News: IMF hints program negotiating team will be sent to Ethiopia in fall ‘provided conditions are met’


By Getahun Tsegaye @GetahunTsegay12

Addis Ababa – The International Monitoring Fund (IMF) briefed the creditors’ committee meeting under the G20 common framework on Tuesday July 19 and hinted that it would send a “programme negotiation mission” to Ethiopia between “late September and early/mid-October” this year, “provided the conditions are met”. on the right,” according to a document seen by Addis standard.

“This means that Ethiopia will see a new program by 2024, and it will give confidence to creditors to restructure [Ethiopia’s] debt,” said an economic analyst who is closely monitoring developments. Addis standard.

An IMF team, led by Sonali Jain-Chandra, was in Ethiopia for a technical visit from June 13-17. The Fund told creditors on Tuesday that the visit laid “the foundation to begin program negotiations in the fall.”

Ethiopia’s creditors’ committee met this week to discuss options for restructuring its debts under a common framework set up by the Group of 20 economies. But the results of the meeting are not public at the publication of this news. A week before the creditors’ meeting, Dr. Eyob Tekalign, Ethiopian Minister of State for Finance, met with Paris Club Co-Chair William Roos and received an update on Ethiopia’s request to process the debt within the common framework of the G20.

The Ministry of Finance then said that “Mr. Roos briefed the Ethiopian delegation on the promising progress of the creditors’ committee and assured that all bilateral creditors who are part of the committee are ready to support Ethiopia’s request.” The committee met three times under the chairmanship of France and the People’s Republic of China ahead of this week’s meeting.

The IMF document presented at the meeting promises that the Fund is “committed to supporting Ethiopia”, but warned that “the timetable is not entirely in the hands of IMF staff and management – to move forward Quickly, assurances from donors and assurances of financing from creditors for debt relief will be needed, and support from the Fund’s Board of Trustees.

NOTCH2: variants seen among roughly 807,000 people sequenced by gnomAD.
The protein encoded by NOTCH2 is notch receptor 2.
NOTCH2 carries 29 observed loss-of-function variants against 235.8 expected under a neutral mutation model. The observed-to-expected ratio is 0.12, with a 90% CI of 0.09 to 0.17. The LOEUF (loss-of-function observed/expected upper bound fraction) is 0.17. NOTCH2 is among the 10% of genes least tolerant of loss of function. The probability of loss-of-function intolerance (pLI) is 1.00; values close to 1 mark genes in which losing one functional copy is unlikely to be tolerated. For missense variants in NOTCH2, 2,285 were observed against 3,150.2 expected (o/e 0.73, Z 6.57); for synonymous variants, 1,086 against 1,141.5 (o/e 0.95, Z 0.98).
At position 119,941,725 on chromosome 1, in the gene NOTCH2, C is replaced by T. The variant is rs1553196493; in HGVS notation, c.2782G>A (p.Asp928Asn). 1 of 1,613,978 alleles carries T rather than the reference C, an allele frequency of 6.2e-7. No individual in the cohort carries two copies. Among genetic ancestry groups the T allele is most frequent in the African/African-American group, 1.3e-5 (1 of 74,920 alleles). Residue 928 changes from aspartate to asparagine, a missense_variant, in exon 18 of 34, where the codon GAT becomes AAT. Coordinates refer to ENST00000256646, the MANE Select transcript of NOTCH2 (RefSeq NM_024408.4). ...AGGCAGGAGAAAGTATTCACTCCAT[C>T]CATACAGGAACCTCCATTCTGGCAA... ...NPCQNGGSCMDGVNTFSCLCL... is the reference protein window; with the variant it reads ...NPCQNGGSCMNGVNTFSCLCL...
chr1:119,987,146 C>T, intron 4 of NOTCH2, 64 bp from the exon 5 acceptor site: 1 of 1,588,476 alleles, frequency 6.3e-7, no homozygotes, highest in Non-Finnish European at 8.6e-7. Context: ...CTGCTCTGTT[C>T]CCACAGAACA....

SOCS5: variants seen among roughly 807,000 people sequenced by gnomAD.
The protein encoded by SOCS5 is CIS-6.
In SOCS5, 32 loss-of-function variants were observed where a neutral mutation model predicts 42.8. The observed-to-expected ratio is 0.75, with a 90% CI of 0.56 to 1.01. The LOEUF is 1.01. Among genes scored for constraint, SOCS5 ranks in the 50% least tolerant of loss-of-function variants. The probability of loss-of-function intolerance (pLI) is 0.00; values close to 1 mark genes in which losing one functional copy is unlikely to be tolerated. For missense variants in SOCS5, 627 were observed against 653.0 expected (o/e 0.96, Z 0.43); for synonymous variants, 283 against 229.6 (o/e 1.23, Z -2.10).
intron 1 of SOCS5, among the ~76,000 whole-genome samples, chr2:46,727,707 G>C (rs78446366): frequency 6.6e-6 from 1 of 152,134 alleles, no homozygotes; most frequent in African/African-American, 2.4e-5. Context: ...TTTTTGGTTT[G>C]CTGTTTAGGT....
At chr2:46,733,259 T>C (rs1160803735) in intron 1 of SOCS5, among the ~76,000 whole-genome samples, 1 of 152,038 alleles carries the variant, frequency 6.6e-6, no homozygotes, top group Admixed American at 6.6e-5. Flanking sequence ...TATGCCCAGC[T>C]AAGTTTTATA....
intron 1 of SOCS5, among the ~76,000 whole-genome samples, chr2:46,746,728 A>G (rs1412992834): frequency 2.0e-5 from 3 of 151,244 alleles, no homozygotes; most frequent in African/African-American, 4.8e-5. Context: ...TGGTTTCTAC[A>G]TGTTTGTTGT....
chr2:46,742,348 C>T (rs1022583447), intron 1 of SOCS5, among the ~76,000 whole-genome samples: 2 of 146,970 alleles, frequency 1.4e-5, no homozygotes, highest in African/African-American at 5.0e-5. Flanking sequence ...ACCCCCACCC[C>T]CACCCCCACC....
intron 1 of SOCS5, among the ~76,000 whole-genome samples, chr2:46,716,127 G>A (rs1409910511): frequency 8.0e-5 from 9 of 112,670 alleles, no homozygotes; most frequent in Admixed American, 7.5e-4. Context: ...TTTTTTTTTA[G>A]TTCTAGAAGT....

The Fund also discussed “key steps on the path to new Fund financing” and outlined four steps: 1) updating the macroeconomic framework to reflect recent developments; identify financing needs as well as the need for a debt operation in coordination with the World Bank, taking into account uncertainty and risks; discuss with donors how funding gaps can be filled. 2) Mission of staff agreement on policies with the authorities reflecting a level of ambition consistent with the level of access sought. 3) Present to creditors the envelope for debt restructuring in accordance with the approval of the IMF Board of Directors (reduction of financing gaps and reduction of over-indebtedness). And 4) board meeting. »

The Fund’s outlook on Ethiopia’s economy says it “remains under pressure with high inflation, growing imbalances and threadbare foreign exchange reserves.” He expects Ethiopia’s deficit to widen to 4.1% of GDP from 2.8% in 2020/21, on top of lower tax revenue (1.8pp of GDP in below 9% of GDP in 2020/21), a deficit in subsidies and an increase in recurrent income. defense and reconstruction spending (0.8% of GDP above 2020/21 levels) were mentioned as key drivers. The “first 10 months of 2021/22 saw the trade balance deteriorate by 30% year on year,” the IMF said, as official disbursements (grants and loans) slowed significantly amid the civil war. “Inadequate [Forex] reserves are expected to fall further below one month of imports by the end of June 2021.”

He acknowledged the formation of a committee by the government in mid-June to negotiate with Tigray authorities, and Tigray’s willingness to negotiate for peace as a positive step.

But challenges remain, he says, as some tensions linger, “particularly given the risks of fighting with regional Amhara forces, ethnic tensions in Oromia and escalating hostilities with Eritrean troops. Security issues are unlikely to completely disappear in the near future,” he observed. In addition, key development partners “noted that further progress is needed to fully normalize their bilateral relations, including restoring basic services and providing greater quantities of fuel to Tigray, and taking further concrete steps to report violations of human rights”.

The 2019 Extended Credit Facility – Extended Funding Facility (ECF-EFF) had a funding gap of $8.4 billion, with the Fund filling approximately $3 billion of the gap. But “given the current macro environment, the new program is likely to have a larger funding gap.”

The new program will therefore fill part of the financing gap, and the rest will have to be filled with the help of development partners, including other international financial institutions (IFIs), and debt treatment through the Common Framework for debt processing (CF). “The program will need to be fully funded with adequate burden sharing.” AS


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